Making Chores Fun

[1] Image

Have you ever sat down at your desk, filled with dread, as you contemplate what to write you 1,000 word essay on for that one class that you find unbearable and usually fall asleep in the lectures 20 minutes in? Now what if the lecturer decided that the first person to submit their essay to him will be given a free pass to not do one assignment in the future of the winners choice? And the person with the highest word count can have a copy of the lecturers notes for the next class so they can stay and at home and sleep instead of having to go in for fear of missing something important? Also the person who writes the best essay gets a tenner. Wouldn’t you sit down at your desk filled with motivation at the prospect that you could be one of the lucky winners? ThGamification1-e1409127801440e answer is yes. You would. There is an award to be received, turning the assignment into a game of winners and losers. And everyone loves games!

Gamification involves [2] “the application of typical elements of game playing (e.g. point scoring, competition with others, rules of play) to other areas of activity.” In the above example, for students ‘winning’ a day or an assignment off, they must compete with each other in a number of aspects on their due assignment.

Although you may not realize it, there are hundreds of forms of Gamification in your everyday life. From Clubcard points in the likes of BGamification1-e1409127801440oots, to filling out online surveys about your experience in a particular store with the chance to win a lump sum of, money, gamification is everywhere. Gamification can entice people into doing things they would not usually want to do voluntarily. It can also give people little ‘nudges’ into doing what’s best for them or a company by making the process fun or with the prospect of an award. An example of a’nudge’ include some large-scale events, such as ‘Piano  Stairs’ by TheFunTheory.com.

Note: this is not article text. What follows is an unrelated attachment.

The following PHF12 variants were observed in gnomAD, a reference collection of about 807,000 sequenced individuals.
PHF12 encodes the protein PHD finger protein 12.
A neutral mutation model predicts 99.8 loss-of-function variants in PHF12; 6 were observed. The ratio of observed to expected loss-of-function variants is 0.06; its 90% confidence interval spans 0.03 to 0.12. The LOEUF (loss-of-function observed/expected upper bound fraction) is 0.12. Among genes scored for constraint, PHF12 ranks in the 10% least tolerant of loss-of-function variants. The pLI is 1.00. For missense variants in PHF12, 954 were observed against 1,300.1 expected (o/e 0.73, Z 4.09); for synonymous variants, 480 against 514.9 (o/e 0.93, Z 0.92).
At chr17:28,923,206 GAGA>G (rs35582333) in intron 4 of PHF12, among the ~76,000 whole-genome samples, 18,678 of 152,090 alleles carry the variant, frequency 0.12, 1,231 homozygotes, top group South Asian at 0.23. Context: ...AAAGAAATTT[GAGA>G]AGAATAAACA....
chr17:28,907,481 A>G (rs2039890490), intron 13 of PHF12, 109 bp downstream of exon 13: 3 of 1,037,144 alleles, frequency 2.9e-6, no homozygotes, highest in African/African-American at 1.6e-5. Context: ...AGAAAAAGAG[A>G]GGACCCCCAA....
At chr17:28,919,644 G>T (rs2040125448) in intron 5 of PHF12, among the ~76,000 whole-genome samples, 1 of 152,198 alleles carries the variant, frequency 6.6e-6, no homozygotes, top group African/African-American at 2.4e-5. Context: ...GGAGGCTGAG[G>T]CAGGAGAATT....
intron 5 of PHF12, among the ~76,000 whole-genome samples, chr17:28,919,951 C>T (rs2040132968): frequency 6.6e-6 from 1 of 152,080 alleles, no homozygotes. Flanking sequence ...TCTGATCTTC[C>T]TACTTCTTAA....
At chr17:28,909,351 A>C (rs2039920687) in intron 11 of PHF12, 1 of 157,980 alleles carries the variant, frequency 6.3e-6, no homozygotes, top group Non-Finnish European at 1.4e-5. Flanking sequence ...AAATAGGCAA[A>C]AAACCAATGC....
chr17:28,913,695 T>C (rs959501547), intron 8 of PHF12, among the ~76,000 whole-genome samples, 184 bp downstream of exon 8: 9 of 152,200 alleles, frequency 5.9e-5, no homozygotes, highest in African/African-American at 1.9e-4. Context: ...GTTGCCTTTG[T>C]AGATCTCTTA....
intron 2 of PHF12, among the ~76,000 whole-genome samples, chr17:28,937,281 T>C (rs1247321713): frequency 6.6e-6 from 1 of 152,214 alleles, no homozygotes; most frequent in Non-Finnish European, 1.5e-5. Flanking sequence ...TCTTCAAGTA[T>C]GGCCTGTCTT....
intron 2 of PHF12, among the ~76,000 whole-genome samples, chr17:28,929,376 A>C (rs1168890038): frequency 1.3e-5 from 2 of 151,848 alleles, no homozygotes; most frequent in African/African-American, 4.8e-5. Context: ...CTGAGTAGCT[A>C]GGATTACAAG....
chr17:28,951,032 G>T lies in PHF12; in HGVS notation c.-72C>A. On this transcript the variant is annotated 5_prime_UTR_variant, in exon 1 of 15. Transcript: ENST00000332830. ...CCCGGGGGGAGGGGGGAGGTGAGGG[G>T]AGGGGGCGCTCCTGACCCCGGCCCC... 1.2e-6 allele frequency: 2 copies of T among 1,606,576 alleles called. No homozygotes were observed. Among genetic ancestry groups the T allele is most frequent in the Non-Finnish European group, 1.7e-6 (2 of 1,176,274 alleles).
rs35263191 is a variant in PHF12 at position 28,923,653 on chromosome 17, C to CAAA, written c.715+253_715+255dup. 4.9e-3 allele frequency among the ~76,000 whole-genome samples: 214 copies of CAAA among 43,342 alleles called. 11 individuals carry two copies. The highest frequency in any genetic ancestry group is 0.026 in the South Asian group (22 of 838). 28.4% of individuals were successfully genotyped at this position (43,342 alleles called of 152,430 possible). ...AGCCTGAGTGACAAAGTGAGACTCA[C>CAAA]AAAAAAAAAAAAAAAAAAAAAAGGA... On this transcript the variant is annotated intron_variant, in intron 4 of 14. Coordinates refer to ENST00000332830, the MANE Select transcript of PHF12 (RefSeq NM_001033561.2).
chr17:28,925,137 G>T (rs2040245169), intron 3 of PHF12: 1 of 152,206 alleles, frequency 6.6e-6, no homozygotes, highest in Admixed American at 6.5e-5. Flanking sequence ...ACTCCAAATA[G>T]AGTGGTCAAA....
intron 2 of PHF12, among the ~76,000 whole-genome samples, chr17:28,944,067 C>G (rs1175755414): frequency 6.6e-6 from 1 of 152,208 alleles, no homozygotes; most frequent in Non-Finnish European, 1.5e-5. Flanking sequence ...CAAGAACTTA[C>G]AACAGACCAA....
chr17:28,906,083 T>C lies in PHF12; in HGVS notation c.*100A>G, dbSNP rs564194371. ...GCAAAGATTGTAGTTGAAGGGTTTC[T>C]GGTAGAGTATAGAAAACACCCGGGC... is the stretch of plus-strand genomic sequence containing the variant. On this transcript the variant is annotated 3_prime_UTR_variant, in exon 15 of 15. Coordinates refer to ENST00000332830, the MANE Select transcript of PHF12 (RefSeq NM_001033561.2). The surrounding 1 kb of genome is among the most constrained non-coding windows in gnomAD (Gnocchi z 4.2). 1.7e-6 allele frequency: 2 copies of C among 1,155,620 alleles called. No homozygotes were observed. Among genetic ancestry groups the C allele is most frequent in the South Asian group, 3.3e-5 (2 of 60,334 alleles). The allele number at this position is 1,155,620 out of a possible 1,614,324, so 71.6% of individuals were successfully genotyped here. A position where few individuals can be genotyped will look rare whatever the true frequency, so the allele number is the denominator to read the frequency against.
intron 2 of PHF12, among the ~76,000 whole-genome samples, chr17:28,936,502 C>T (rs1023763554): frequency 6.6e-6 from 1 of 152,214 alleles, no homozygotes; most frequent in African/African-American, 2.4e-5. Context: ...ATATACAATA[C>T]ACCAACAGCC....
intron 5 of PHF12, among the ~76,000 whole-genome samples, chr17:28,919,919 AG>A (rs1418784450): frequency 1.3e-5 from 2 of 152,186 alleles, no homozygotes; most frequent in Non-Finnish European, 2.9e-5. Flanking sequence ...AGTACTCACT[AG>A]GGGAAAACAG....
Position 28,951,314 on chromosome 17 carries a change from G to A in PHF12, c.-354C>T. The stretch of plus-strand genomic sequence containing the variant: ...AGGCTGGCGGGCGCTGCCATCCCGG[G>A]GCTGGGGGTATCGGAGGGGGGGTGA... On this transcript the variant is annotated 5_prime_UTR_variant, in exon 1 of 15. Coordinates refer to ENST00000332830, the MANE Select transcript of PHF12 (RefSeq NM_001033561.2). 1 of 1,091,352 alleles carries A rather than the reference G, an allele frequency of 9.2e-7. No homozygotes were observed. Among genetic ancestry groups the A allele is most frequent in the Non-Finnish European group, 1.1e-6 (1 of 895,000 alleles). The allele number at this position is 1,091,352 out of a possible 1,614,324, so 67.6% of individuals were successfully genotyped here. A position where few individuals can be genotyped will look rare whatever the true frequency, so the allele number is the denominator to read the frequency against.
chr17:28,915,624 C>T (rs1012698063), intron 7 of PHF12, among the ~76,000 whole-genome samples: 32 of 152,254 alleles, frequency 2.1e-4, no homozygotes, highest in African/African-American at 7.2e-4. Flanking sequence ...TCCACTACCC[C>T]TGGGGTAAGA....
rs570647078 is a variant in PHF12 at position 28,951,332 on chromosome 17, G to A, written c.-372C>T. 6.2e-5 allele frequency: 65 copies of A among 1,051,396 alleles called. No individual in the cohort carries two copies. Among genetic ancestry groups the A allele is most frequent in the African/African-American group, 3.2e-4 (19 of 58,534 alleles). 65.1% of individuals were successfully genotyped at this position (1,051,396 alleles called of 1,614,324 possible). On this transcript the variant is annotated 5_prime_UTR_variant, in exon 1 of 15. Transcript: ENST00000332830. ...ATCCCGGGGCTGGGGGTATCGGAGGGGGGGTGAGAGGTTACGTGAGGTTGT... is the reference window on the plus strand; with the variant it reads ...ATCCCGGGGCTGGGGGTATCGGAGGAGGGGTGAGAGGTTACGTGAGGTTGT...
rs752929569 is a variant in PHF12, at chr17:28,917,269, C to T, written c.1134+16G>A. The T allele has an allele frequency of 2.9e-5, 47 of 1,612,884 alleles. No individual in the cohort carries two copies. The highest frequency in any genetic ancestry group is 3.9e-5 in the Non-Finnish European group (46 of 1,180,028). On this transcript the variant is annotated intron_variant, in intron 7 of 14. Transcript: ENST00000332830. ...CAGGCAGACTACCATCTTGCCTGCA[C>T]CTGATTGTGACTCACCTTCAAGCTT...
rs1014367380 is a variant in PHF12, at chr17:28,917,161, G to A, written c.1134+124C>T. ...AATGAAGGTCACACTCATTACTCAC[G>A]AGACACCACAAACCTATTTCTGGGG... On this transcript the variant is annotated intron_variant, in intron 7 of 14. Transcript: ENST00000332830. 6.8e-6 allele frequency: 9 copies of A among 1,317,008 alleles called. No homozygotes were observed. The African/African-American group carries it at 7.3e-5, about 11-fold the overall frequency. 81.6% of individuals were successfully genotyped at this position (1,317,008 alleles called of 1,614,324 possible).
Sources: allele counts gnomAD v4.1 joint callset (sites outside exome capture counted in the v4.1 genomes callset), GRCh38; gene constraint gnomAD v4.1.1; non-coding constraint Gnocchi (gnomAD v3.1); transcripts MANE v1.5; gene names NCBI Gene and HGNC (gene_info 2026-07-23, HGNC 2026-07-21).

In ‘Piano Stairs’ TheFunTheory, who state on their website [3] that they are ” dedicated to the thought that something as simple as fun is the easiest way to change people’s behaviour for the better”, wire up and create a giant piano on a stairway to deter people from using the escalators as much.

On a lesser scale, I have used gamification only last week on Twitter to encourage people to read my post titled ‘No Privacy Please!‘. In my tweet I created a poll where people could decide whether or not TrackR is a danger to your personal security after reading my post.

The general consensus was that people thought TrackR to be an extremely invasive app and that they would have a hard time trusting it. That particular blog post also earned the most views out of all my other blog posts. Nothing about the this blog post or the way in which I advertised it via social media networking was any different than the others, except for the poll.

Ultimately, the thought of being able to engage in a ‘game’ of sharing your opinion proved to be a highly successful form of gamification.

References:

[1] “Gamification1-e1409127801440.jpg (JPEG Image, 900 × 506 Pixels).” Accessed December 2, 2015.                                       http://magazine.startus.cc/wp-content/uploads/2014/08/Gamification1-e1409127801440.jpg

[2] “Gamification – Definition of Gamification in English from the Oxford Dictionary.” Accessed December 2, 2015. http://www.oxforddictionaries.com/definition/english/gamification.

[3] “The Fun Theory.” Accessed December 2, 2015. http://www.thefuntheory.com/

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